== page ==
Film Review Of The Week: Thelma And Louise (1991)
CELEBRATING 25 YEARS OF THELMA AND LOUISE HERE IS A FILM REVIEW ON ONE OF THE BEST FILMS EVER!!! A feel good, timeless film for women. A film about true love and friendship and being bad
CELEBRATING 25 YEARS OF THELMA AND LOUISE HERE IS A FILM REVIEW ON ONE OF THE BEST FILMS EVER!!!
A feel good, timeless film for women. A film about true love and friendship and being bad ass (which we all are.)
Set out on a harmless weekend away from their humdrum lives, two best friend Thelma (Geena Davis) and Louise (Susan Sarandon) find themselves guilty of murder, armed robbery and on the run from the state police. Bumping in to J.D (Brad Pitt) on their way to Mexico, things take a bigger turn for the worse.
At the beginning of the film we encounter Thelma, a timid housewife who doesn’t dare ask her moronic, hothead, husband, Darryl whether she can go on the trip, and Louise, a very calm and collected character, at work smoking a cigarette. The difference is obvious between the two girls, Louise is seemingly an independent strong-minded woman with a rock star boyfriend, and Thelma, married at a young age and has only been with one man, is timid and reliant upon him. Together they set out in Louise’s 1966 Thunderbird convertible for ‘one hell of a trip’.
The films two protagonists are flawless in their portrayals of good girls gone bad. Davis and Sarandon, perfectly display the dramatic and intense transformation of the two women, ‘neither one of us would’ve ever pulled a stint like this three days ago, but if you’d meet my husband, you’d understand why’, Thelma calmly says to a police officer. Not only are the two leading ladies exceptional in their performance as Thelma and Louise, but Brad Pitt’s appearance, with his long, blonde hair and impressive washboard abs, brings a hint of silly to the story line, as he plays a young student, and criminal, who robs convenient stores and gas stations, and of course, Louise’s life savings, and later mocks Darryl at the police station ‘I like your wife’, J.D smiles.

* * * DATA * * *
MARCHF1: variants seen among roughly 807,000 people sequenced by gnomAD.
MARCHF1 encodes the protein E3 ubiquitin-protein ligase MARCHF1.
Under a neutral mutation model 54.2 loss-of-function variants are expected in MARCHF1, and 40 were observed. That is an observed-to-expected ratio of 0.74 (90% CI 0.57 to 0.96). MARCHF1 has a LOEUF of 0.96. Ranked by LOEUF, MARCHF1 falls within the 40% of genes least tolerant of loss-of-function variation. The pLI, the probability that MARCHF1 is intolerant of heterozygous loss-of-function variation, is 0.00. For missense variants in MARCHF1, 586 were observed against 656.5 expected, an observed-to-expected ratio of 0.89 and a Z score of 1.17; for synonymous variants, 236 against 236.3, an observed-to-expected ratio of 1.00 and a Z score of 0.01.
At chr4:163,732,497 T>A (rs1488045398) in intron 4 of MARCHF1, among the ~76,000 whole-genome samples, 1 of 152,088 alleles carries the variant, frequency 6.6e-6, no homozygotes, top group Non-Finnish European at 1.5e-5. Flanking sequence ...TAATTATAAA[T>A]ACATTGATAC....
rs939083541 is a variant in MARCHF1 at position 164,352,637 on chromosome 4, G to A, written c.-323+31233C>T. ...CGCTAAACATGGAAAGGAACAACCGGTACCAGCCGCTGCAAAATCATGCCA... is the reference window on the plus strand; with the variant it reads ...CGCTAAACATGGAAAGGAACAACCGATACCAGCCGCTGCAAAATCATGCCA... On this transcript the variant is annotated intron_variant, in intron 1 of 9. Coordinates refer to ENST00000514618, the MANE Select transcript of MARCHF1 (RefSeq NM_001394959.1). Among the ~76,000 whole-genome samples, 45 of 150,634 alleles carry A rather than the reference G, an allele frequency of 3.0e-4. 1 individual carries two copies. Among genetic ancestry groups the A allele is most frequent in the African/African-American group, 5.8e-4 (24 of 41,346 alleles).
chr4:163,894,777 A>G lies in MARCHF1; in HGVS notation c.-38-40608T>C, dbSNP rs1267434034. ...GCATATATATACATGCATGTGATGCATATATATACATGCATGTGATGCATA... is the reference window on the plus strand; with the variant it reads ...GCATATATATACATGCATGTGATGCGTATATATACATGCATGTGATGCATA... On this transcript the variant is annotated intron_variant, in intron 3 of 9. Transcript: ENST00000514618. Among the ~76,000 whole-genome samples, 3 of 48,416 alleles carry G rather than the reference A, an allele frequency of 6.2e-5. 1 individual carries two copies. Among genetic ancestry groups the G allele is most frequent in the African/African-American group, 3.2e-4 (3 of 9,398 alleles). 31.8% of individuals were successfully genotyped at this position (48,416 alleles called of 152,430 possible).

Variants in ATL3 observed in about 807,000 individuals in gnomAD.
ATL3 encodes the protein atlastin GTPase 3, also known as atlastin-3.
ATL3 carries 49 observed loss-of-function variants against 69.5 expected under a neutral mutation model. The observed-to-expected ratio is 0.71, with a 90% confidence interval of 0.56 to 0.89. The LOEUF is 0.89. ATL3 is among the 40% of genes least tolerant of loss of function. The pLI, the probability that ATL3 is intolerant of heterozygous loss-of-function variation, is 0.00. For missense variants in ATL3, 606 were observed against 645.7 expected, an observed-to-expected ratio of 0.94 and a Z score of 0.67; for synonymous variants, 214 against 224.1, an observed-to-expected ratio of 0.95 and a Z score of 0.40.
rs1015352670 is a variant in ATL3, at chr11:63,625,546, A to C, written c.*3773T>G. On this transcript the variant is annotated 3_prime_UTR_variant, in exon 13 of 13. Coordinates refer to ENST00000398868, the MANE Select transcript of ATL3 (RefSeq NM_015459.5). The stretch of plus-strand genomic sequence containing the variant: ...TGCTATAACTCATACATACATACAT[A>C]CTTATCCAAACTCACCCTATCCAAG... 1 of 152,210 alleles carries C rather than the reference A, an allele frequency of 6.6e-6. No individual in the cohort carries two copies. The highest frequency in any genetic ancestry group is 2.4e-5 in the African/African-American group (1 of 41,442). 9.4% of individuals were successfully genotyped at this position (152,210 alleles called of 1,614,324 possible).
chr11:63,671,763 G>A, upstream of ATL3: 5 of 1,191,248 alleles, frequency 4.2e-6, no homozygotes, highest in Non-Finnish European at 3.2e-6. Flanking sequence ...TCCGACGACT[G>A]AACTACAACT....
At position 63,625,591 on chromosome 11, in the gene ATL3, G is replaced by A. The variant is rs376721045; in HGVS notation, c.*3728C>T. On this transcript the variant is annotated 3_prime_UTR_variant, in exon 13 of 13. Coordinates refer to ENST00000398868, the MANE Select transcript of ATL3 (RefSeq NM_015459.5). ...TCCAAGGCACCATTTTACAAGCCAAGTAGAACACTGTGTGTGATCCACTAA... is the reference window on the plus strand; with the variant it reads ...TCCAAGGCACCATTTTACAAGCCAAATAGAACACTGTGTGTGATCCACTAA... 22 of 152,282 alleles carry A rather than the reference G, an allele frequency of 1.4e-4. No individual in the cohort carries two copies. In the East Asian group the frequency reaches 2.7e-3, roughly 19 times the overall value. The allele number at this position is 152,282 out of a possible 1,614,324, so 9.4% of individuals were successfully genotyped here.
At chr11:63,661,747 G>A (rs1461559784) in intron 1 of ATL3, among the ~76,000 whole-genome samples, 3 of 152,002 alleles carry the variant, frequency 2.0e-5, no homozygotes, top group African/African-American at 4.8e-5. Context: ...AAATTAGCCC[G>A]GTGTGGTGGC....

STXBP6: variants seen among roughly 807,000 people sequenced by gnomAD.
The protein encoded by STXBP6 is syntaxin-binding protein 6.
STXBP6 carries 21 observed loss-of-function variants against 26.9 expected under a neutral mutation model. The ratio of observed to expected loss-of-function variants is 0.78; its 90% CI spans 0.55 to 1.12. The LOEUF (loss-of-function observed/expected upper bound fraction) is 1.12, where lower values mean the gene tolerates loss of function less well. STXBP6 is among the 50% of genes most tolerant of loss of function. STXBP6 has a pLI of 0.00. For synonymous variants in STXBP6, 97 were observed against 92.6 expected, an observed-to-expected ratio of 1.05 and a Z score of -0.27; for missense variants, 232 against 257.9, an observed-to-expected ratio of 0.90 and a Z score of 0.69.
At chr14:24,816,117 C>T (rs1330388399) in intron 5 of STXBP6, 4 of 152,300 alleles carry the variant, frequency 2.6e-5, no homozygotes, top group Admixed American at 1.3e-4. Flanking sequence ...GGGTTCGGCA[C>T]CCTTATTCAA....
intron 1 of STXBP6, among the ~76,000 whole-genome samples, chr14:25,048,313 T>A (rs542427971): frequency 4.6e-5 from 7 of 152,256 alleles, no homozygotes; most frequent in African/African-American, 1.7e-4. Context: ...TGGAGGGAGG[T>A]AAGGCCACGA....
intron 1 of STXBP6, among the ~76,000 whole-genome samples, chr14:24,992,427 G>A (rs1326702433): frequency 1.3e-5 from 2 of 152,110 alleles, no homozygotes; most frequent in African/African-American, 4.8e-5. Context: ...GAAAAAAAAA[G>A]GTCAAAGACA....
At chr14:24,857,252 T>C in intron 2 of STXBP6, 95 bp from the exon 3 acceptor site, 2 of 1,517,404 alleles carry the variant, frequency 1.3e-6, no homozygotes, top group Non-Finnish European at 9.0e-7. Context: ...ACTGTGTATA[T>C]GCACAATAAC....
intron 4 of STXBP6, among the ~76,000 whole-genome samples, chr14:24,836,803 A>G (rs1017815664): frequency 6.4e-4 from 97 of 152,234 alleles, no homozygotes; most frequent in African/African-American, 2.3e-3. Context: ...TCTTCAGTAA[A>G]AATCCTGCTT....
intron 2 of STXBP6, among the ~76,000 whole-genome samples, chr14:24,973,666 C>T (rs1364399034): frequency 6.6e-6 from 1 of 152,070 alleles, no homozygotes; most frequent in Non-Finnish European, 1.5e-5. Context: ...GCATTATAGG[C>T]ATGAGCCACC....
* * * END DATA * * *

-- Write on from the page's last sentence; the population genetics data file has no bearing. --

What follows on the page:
It could be argued that there’s an extremely feminist approach to Thelma and Louise as the majority of the male characters are made out to be, chauvinistic, imbecilic, pigs whom steal, cheat and lie, and are the victims of the ladies’ crimes. The police officer, the lorry driver and the rapist, and even Thelma’s husband is illustrated as a senseless brute. But there are glimmers of hope for men, in Thelma and Louise through the characters of Jimmy (Michael Madsen), whom flies over two states to see Louise and lend her over six thousand dollars and then goes on to propose to Louise, while Louise does not accept, it does not diminish her feelings for men, or Jimmy, as she solely does this to protect him.
With its slick script, amazing cinematography and legendary characters, Thelma and Louise, is sharp and corrupt but lovely all the same. Ridley Scott hasn’t been afraid to explore and play with gender stereotypes, which is what gives this movie its rogue, impish feel.
An inspiring film of friendship and freedom, Thelma and Louise are favourable characters that are brave and strong and could arguably send out a good message to young women, disregarding their criminal acts.
I think Thelma and Louise really let us know what ‘my ride or die’ truly means when it comes to your BFF.